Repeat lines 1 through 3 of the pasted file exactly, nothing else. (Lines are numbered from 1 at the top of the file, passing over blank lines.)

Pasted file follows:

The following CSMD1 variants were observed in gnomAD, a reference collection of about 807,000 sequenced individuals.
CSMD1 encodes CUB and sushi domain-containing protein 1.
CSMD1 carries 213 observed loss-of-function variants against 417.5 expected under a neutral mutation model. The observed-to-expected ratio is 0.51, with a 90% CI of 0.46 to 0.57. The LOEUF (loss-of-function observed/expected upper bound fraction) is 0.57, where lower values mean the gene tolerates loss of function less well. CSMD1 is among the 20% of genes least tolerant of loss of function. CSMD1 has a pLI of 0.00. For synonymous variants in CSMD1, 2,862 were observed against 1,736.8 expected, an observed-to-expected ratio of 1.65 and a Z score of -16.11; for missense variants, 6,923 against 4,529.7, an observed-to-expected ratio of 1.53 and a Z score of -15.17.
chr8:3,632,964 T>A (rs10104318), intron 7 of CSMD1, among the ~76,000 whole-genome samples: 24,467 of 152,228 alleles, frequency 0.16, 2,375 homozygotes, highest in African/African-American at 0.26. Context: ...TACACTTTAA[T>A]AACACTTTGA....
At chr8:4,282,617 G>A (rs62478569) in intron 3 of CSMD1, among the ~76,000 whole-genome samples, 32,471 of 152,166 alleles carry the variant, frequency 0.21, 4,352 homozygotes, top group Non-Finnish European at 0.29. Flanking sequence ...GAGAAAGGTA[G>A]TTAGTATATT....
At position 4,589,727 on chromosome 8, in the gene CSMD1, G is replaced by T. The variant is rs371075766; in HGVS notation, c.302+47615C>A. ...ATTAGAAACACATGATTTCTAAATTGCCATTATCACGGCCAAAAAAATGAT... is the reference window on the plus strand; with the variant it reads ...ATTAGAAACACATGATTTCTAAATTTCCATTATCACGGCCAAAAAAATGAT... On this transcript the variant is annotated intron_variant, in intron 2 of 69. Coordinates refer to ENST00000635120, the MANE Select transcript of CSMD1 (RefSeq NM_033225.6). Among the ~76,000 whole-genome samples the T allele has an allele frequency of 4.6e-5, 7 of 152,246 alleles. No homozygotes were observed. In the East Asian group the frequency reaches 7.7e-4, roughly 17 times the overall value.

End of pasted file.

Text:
The following CSMD1 variants were observed in gnomAD, a reference collection of about 807,000 sequenced individuals.
CSMD1 encodes CUB and sushi domain-containing protein 1.
CSMD1 carries 213 observed loss-of-function variants against 417.5 expected under a neutral mutation model. The observed-to-expected ratio is 0.51, with a 90% CI of 0.46 to 0.57. The LOEUF (loss-of-function observed/expected upper bound fraction) is 0.57, where lower values mean the gene tolerates loss of function less well. CSMD1 is among the 20% of genes least tolerant of loss of function. CSMD1 has a pLI of 0.00. For synonymous variants in CSMD1, 2,862 were observed against 1,736.8 expected, an observed-to-expected ratio of 1.65 and a Z score of -16.11; for missense variants, 6,923 against 4,529.7, an observed-to-expected ratio of 1.53 and a Z score of -15.17.